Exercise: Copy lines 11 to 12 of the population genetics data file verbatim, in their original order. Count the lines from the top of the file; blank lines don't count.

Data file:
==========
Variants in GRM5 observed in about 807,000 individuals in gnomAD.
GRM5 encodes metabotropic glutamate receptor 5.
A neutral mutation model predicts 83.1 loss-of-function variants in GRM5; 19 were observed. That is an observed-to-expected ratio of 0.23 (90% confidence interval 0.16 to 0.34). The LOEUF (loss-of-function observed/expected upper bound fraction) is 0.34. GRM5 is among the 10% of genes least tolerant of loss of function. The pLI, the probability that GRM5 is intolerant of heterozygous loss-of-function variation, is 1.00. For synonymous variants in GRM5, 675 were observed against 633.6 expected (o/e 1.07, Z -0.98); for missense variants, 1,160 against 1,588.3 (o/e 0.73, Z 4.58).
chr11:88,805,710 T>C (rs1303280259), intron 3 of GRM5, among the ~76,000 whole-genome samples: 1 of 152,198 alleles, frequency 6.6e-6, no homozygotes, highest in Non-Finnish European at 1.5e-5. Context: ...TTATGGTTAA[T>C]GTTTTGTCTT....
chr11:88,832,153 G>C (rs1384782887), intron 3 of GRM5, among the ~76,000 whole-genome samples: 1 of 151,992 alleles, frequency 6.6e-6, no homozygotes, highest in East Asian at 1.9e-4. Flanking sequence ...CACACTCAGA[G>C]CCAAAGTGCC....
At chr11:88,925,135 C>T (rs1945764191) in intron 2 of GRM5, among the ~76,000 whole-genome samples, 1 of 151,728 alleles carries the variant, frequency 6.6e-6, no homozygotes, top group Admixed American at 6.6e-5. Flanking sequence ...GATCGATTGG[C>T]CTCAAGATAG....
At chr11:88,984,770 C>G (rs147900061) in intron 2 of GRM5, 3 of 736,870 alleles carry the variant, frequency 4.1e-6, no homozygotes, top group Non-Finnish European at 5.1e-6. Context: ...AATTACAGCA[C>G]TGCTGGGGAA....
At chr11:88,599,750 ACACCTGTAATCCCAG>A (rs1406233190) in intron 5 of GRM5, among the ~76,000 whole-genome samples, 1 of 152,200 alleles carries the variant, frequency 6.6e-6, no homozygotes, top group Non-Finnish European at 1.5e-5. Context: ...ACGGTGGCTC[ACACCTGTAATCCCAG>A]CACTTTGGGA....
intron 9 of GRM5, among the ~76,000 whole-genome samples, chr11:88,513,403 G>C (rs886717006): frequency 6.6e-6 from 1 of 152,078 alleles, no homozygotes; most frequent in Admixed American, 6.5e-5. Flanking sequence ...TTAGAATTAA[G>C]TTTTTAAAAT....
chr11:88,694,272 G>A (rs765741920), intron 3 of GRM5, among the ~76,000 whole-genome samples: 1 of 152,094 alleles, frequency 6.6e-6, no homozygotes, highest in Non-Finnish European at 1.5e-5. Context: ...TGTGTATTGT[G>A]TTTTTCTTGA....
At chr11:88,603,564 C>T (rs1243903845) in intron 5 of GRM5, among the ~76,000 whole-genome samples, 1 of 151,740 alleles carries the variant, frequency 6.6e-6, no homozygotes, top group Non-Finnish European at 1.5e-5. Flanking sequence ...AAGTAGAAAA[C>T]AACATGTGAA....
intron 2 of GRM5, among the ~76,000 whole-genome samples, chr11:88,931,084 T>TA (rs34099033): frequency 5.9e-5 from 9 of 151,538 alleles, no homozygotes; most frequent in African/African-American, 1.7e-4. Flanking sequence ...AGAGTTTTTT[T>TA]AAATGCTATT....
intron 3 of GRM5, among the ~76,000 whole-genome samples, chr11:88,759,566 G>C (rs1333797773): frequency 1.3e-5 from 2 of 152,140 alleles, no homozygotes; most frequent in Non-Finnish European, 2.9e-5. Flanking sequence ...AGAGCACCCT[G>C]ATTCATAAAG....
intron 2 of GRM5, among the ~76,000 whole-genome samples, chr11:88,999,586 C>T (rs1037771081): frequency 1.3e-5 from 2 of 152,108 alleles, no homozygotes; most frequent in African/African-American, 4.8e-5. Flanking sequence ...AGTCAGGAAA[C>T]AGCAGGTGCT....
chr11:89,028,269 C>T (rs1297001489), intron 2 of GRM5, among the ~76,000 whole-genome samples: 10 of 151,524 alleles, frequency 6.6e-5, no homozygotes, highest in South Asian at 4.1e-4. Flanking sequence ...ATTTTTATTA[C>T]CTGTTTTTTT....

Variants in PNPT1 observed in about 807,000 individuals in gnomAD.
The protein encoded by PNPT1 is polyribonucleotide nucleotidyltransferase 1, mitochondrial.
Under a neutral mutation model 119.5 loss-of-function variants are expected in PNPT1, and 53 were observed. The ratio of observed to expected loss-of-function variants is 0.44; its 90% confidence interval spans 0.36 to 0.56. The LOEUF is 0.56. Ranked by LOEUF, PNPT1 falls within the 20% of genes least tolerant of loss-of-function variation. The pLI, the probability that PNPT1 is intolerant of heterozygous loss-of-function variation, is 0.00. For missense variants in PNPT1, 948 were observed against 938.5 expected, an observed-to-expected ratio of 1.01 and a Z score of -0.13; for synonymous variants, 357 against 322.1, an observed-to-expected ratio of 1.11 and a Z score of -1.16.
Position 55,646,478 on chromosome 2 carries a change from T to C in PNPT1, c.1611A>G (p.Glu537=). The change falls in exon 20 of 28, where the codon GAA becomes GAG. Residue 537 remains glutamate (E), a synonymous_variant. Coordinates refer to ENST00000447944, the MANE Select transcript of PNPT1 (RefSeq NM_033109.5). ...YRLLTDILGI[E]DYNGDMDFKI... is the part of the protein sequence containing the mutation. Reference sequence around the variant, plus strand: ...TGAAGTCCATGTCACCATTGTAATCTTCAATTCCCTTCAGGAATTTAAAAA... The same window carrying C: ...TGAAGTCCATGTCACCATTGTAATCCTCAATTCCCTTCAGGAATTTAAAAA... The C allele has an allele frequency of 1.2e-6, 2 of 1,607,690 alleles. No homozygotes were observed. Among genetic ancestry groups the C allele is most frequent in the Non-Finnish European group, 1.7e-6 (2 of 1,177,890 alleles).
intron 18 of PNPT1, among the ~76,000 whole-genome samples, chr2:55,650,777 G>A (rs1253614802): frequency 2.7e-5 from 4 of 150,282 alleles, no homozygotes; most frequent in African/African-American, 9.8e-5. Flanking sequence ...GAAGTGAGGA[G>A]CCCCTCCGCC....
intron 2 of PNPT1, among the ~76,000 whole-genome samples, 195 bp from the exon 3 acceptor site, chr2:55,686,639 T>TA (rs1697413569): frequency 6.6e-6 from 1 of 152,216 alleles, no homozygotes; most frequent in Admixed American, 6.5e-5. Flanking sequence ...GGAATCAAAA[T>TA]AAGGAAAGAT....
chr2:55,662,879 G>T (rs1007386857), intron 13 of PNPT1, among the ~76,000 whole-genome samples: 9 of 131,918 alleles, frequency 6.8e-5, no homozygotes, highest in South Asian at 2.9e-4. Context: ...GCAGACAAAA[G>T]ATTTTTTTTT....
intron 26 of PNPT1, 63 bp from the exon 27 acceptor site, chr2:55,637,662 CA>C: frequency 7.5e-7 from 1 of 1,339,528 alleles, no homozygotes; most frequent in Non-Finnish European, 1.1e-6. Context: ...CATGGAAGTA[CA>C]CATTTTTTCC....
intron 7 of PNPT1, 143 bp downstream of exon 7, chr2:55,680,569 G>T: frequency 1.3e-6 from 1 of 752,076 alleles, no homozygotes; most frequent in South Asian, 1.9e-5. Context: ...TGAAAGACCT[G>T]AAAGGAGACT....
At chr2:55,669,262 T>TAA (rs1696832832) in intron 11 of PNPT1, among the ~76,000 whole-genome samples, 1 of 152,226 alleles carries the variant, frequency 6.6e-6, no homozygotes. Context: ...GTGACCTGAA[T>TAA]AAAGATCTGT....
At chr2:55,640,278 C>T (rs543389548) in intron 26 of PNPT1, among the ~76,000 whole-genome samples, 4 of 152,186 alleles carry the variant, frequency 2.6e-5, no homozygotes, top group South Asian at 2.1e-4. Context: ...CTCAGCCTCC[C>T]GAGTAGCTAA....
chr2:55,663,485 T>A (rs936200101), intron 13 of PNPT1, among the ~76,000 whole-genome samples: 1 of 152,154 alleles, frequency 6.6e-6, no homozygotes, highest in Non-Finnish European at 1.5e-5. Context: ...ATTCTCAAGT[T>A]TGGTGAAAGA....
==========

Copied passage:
At chr11:88,603,564 C>T (rs1243903845) in intron 5 of GRM5, among the ~76,000 whole-genome samples, 1 of 151,740 alleles carries the variant, frequency 6.6e-6, no homozygotes, top group Non-Finnish European at 1.5e-5. Flanking sequence ...AAGTAGAAAA[C>T]AACATGTGAA....
intron 2 of GRM5, among the ~76,000 whole-genome samples, chr11:88,931,084 T>TA (rs34099033): frequency 5.9e-5 from 9 of 151,538 alleles, no homozygotes; most frequent in African/African-American, 1.7e-4. Flanking sequence ...AGAGTTTTTT[T>TA]AAATGCTATT....